I admit my ignorance of farming legislation in general but I am concerned that many corporate farms game a system that was designed to help the private farmer. It’s an area that I think needs to be scrutinized very closely to be sure we are helping those that need the help and not just an additional profit source to those that don’t. His point on the coalition between SNAP and tariff breaking down and the implied, but not stated, benefit to Trump supporters (tariff compensation) vs the poor (mostly Dems)?
To those interested, it’s only eight minutes and very interesting!
Agricultural subsidies appear to be on a downtrend, with a blip upward in 2019.
I do not particularly favor many of the subsidies, though I guess I do have to have at least a little concern about some of the crops that would not be grown here at all but for subsidies. And too, I would not be able to really say much about them without also knowing the degree to which America’s competitors subsidize their crops for international sale.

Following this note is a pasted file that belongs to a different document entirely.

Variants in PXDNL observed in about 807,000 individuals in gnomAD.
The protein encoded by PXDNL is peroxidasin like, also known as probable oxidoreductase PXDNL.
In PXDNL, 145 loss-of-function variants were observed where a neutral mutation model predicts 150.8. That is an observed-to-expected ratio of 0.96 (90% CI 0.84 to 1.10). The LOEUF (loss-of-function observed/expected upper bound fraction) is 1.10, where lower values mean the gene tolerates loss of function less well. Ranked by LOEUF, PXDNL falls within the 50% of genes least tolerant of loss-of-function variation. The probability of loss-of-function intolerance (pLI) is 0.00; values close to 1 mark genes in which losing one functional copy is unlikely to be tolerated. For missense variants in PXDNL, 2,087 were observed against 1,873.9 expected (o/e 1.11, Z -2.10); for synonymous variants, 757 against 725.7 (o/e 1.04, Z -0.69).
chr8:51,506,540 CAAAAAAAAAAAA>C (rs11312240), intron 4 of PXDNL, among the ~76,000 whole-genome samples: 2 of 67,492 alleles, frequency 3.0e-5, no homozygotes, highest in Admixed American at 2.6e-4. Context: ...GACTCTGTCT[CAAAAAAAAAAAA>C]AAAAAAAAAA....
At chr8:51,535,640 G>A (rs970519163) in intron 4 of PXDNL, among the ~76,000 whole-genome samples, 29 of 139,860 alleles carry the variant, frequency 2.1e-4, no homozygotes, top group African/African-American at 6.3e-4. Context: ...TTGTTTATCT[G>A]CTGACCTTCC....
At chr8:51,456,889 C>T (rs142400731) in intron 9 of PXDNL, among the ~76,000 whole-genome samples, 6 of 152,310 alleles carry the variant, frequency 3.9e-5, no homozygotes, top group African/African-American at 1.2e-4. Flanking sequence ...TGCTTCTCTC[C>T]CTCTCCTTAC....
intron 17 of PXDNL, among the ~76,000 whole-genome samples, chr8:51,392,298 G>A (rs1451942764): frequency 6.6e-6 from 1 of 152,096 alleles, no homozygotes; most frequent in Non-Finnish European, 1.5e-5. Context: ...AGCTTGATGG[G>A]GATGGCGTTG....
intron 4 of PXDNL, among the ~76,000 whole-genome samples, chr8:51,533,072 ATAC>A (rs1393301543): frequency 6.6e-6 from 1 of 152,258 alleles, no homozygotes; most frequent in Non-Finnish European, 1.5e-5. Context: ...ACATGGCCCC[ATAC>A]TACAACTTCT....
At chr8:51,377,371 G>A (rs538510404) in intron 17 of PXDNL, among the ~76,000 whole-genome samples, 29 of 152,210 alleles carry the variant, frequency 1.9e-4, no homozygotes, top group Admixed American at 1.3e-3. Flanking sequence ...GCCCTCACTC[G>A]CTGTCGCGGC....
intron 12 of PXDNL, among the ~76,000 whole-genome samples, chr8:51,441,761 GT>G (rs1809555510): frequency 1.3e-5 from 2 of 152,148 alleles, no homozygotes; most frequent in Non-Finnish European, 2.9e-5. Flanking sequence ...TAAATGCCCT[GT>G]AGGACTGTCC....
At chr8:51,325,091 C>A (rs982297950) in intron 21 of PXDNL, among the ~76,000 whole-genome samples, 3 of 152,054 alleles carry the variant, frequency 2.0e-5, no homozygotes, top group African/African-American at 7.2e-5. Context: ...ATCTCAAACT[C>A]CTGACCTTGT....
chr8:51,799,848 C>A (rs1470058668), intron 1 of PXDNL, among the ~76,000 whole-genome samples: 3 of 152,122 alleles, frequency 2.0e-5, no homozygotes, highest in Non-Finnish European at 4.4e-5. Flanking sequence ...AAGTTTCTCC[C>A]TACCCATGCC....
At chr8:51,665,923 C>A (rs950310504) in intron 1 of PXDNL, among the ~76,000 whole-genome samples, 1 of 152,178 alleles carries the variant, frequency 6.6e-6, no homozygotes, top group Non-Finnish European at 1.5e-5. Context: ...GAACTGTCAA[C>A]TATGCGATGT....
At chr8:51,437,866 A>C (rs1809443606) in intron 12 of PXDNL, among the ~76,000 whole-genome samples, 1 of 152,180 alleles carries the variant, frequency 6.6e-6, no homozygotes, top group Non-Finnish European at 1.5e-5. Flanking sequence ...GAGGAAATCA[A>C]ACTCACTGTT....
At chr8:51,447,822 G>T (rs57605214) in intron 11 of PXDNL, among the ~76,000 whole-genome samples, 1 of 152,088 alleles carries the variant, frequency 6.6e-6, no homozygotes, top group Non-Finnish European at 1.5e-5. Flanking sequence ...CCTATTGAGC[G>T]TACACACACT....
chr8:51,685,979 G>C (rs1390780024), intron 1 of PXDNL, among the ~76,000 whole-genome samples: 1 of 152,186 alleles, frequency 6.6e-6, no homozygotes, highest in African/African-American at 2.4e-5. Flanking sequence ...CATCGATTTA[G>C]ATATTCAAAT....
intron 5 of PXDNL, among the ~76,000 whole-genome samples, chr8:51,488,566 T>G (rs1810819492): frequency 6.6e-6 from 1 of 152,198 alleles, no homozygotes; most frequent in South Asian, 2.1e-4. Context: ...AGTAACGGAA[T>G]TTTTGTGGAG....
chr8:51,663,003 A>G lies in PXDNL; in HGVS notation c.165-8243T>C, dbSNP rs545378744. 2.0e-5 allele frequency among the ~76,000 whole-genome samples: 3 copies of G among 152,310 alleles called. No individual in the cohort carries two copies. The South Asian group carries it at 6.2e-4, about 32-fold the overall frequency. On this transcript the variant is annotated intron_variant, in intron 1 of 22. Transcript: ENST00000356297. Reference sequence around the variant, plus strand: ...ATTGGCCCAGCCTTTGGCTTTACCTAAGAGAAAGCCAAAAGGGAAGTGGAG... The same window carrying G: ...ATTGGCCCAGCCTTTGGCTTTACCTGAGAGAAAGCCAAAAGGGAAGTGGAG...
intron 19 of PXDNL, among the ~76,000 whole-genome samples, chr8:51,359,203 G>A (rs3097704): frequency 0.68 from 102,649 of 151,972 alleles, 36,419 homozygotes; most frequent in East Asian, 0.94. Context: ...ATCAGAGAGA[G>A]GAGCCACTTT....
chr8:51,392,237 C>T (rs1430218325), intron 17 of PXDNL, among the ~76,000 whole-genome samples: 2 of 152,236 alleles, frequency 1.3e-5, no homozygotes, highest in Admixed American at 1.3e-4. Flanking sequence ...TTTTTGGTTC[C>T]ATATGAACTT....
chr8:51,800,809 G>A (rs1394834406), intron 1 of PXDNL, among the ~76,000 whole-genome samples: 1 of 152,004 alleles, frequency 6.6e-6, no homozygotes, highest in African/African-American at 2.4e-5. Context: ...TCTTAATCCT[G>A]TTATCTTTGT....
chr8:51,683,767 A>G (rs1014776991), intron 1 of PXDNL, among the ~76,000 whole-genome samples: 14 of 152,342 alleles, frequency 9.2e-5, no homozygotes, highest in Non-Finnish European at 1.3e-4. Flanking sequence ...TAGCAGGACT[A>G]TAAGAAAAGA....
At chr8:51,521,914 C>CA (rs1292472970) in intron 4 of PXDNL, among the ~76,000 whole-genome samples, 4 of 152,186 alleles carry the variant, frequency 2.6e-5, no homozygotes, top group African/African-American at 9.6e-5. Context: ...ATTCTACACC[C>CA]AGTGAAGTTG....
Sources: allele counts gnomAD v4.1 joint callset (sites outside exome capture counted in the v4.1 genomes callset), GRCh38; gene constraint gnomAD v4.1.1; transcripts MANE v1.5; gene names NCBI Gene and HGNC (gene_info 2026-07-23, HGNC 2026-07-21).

Did you listen to the interview? If factual…and the 2019 blip seems to say yes, then I have a bit of a problem with so much going to soybean farmers to compensate for Trumps tariff on soybeans. In trying to punish China he really hurt US soybean producers who then get large compensations to offset the tariffs. Maybe that was a good move but it sounds like he was just buying his votes back? Or, was it a necessary payout? I wish I was better versed in farm subsidies to begin with!
Not much in the way of facts in the NPR interview; quite a lot in the way of liberal policy promotion, like imposing environmental ideas on farmers and increasing welfare benefits. It’s very difficult to find how much was actually paid out and for what. I see, for instance, that a lot was paid out in 2019 under the crop insurance program due to flooding.
I also see that the 2019 subsidies were far outweighed by some previous years. 2019 was higher than the last few years, but smaller than earlier in the 2000s.